However, if you want your remains to become a fossil that is millions of years old, you will need minerals that can seep through your bones and replace them with harder substances. This process, known as "permineralization", actually creates a full-fledged fossil. And it can take millions of years.

In short, you will not need a coffin at all. The fastest of all the bones are replaced by minerals, when water flows through them rich in minerals, which feeds them with iron and calcium. The coffin, of course, will keep the skeleton in beautiful form, but it will hinder this process.

However, there is a way that can work in the coffin. Mark Archer, a paleontologist from the University of New South Wales, offers burial in a concrete coffin filled with sand, with a hundred holes 5 mm in diameter drilled on the sides. Then it must be buried deep enough that underground waters can pass.

"If you want to become a classic bony fossil, like a Canadian dinosaur, rough river sand will do. All soft tissues will be destroyed, and you will remain with a perfectly expressed skeleton. "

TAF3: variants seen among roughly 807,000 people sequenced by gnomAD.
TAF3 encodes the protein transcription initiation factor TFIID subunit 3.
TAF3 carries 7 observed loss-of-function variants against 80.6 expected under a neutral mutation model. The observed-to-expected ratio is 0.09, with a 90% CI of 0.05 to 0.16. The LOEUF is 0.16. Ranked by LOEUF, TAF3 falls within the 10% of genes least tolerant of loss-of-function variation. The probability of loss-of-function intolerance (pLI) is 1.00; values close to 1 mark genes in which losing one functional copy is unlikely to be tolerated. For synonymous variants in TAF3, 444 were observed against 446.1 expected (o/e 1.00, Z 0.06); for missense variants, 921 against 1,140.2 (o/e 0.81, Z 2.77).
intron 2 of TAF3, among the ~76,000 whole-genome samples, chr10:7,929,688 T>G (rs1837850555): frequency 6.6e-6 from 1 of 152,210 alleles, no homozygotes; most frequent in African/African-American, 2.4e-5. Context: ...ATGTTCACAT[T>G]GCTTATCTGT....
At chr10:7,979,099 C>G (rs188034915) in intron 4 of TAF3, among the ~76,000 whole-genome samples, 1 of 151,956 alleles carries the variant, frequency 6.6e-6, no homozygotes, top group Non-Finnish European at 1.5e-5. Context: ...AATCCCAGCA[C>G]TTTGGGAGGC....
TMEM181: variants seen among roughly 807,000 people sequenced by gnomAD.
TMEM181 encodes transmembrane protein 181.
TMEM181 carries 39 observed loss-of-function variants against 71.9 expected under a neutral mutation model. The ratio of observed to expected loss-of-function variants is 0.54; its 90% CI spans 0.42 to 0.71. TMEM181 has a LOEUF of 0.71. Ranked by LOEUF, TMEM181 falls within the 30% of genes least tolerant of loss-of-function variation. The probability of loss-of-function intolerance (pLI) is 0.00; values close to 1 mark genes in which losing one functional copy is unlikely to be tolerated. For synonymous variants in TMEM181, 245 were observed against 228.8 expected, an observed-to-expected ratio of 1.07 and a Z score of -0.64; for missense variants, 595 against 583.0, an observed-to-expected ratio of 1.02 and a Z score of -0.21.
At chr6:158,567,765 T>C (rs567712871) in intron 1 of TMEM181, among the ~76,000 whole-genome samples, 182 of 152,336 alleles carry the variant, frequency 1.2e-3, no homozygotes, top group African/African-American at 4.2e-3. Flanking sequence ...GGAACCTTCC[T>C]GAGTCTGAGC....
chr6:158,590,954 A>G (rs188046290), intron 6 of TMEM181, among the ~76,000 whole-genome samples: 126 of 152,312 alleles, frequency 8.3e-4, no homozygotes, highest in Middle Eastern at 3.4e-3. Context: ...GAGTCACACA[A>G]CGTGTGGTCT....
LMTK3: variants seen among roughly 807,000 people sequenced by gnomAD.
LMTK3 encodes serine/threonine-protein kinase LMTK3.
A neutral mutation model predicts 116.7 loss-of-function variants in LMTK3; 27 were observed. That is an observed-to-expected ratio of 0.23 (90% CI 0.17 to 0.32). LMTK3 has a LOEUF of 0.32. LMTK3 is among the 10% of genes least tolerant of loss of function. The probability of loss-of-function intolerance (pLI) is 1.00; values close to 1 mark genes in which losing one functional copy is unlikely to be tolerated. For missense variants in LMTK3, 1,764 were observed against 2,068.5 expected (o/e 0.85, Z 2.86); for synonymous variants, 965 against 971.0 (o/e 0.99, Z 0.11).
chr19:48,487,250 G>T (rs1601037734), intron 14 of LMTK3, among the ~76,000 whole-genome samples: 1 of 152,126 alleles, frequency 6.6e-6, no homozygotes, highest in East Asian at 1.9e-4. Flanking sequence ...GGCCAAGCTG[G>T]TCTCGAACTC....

As for the minerals, calcium ions are perfect, because they can settle in the form of calcite, a form of calcium carbonate. "They will begin to cement or cover the body and will protect it in the long term, because it is likely to lie deep."

Intentionally sowing your body with suitable minerals, such as calcite or gypsum, will also speed up the process. Encouraging the growth of hard minerals, rich in iron, will also be reasonable, because they survive weathering in the long term.

Sand silicates are also suitable for inclusion. Archer even noted that you can fill the body with copper strips and nickel granules, if you like beautiful petrified blue bones and teeth.

Avoid the edges of tectonic plates

If you survive the first few hundred thousand years and the minerals start replacing your bones, well, congratulations! You have successfully become a fossil. As the sedimentary layers accumulate above you and you sink deeper into the earth's crust, heat and pressure will do their work (and the body).

But that is not all. Your fossil can sink so deep that it will be melted by the heat and pressure of the Earth.

How can this be avoided? You need to stay away from the edges of the tectonic plates, where the bark will eventually be swallowed by the surface. One of the subduction zones is in Iran, where the Eurasian plate hangs over the Iranian plate.

Let them find you

Let's think about the potential for detecting your fossils.

If you want to give someone a chance to find once your carefully preserved body, you need to plan a burial in a place that is now low enough to store the deep-seated deposits – but also to be lifted up again. In other words, you will need a place in which weathering and erosion will eventually expose the surface layers with your remains.